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Old 07-08-2013, 08:22 PM   #1
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Default need bottling advice for "kolsch" with high alcohol

expert advice would be appreciated. i brewed my first all grain kolsch using wlp 029, fermented at 64F. but here's the woopsie part. i used some elderflower syrup at the end of the boil and i miscalculated the amount of sugar this would add to the recipe. thus i had starting gravity of 1.080. Two weeks later gravity is at 1.004. the plan: rack to secondary, cold crash at 38 at least a week or until clear.

so much for making a light kolsch, but the beer tastes good and will be drinkable. it is bit sweet and my hop schedule would account for that.

my concern is bottling: both temperature and yeast. will this yeast be able to bottle carb after the cold crash and at such high alcohol? should i add some dry yeast to the bottling bucket? I will be storing this beer in a cellar and temps are average 74. should i bottle at the storage temperature?

i appreciate any advice.

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Old 07-08-2013, 08:31 PM   #2
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I'd err on the side of caution and add some yeast during bottling. Best will be to let the beer warm up to room/bottling temperature so that the yeast can start working. I can't make any recommendations as to what yeast to use though. I kept some from the primary of my last 2 batches for that purpose but you might want to look at something that's, as you stated, more tolerant to high alcohol.
I brewed my Kölsch yesterday with the same yeast but fermented at 65F since that's the minimum temperature for WLP029. Apparently I can go lower based on your results?

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Old 07-08-2013, 08:34 PM   #3
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I'm showing you right around 10% abv. The kolsch yeast should be able to handle it, but if you're concerned, you can add a packet of champagne yeast to your bottling bucket. Even if you cold crash the beer, the yeast will just be sitting dormant on the surface layer of the trub. The usual accidental swipe of trub caused by a settling racking cane should provide you with more than enough yeast for carbonation, much less whatever yeast is still suspended in solution.

At 10% abv, you're pushing towards the upper alcohol limits of the strain. Packets of champagne yeast are cheap ($1.99 at my lhbs) and you can just hydrate and pitch the packet of yeast into your bottling bucket along with your priming sugar right before you rack your beer into it. It's been bred to produce a very neutral flavor while it carbonates and floc out at room temperature conditioning. I'd also condition the bottles at room temperature for a full three weeks to a month before putting a few in the fridge to try out.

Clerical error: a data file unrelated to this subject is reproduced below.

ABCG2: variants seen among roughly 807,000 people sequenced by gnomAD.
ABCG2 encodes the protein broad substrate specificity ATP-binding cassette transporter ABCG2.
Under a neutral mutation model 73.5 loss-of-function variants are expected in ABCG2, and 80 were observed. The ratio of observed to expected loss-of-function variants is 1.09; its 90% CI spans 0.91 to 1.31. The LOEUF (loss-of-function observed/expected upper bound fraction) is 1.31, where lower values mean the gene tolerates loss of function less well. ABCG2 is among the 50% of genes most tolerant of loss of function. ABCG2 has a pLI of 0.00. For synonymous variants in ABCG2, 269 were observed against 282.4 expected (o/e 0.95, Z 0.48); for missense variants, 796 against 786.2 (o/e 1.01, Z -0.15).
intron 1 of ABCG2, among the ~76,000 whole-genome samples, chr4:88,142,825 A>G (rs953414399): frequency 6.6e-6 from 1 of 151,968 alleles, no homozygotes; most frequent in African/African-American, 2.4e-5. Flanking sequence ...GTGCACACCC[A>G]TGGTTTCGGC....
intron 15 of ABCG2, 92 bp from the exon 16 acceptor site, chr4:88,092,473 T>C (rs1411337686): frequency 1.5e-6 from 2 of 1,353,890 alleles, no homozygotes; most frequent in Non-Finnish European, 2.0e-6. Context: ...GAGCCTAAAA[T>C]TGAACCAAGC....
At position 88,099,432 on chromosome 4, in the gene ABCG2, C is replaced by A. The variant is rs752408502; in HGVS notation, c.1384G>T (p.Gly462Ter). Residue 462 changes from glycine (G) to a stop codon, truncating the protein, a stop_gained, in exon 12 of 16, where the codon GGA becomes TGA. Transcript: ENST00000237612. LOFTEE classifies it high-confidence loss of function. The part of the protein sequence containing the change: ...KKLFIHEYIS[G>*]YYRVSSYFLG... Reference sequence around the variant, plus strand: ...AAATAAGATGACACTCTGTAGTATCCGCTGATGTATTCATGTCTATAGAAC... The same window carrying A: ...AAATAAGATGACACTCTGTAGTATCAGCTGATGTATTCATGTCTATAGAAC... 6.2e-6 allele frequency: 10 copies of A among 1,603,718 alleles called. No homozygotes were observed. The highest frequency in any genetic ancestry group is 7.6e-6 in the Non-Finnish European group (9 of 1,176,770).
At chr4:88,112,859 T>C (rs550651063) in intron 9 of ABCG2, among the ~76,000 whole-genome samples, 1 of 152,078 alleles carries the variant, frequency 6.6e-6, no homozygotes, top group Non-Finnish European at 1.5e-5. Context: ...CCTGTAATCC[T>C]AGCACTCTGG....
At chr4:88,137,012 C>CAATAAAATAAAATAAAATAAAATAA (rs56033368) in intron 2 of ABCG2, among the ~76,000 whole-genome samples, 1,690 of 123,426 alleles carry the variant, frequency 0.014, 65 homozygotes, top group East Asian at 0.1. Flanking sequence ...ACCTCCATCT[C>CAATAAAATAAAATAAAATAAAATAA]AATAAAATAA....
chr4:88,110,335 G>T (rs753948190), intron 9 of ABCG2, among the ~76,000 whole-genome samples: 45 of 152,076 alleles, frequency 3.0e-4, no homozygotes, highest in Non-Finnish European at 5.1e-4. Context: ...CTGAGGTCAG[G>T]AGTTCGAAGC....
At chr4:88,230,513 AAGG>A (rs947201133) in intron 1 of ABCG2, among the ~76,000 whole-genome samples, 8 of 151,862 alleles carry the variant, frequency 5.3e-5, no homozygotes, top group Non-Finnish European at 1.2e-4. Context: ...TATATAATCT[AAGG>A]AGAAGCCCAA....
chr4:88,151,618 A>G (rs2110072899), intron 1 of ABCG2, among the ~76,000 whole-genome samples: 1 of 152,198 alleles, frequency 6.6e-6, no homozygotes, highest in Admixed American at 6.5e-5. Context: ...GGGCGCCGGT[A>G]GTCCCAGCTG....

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Old 07-08-2013, 09:06 PM   #4
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Quote:
Originally Posted by funnycreature View Post
I brewed my Kölsch yesterday with the same yeast but fermented at 65F since that's the minimum temperature for WLP029. Apparently I can go lower based on your results?
sorry, i edited my post. i fermented at 64. i have heard people fermenting as low as 58F but i was advised not to do so only because it woud take a really long time. the first few days the fridge stunk of sulfur and that has gone away.

when im ready to bottle i will let it warm up to storage temp of 74.
thanks!
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Old 07-08-2013, 09:16 PM   #5
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At 10% abv, you're pushing towards the upper alcohol limits of the strain. Packets of champagne yeast are cheap ($1.99 at my lhbs) and you can just hydrate and pitch the packet of yeast into your bottling bucket along with your priming sugar right before you rack your beer into it. It's been bred to produce a very neutral flavor while it carbonates and floc out at room temperature conditioning. I'd also condition the bottles at room temperature for a full three weeks to a month before putting a few in the fridge to try out.
thank you! I was thinking the same thing about the champagne yeast. now, i wonder, how to calculate the priming sugar for style. i hear 2.4-2.7 volumes of CO2 is recommend for the style. with this much alcohol and low bitterness i'm thinking 2.5 or 2.6 just to be safe. my concern is if i pitch a champagne yeast, and the kolsch yeast didn't finish, i may end up with over carbonation or bombs. any thoughts?
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Old 07-08-2013, 10:24 PM   #6
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Thats correct. I would skip the champagne yeast and pick up a packet safale us05 yeast. even at 10% it will carb up fine and be clean. You only need about 1/4-1/3 of a packet to carb up your beer. You don't want to add the whole thing and have huge slugs of yeast in the bottom of your bottles.

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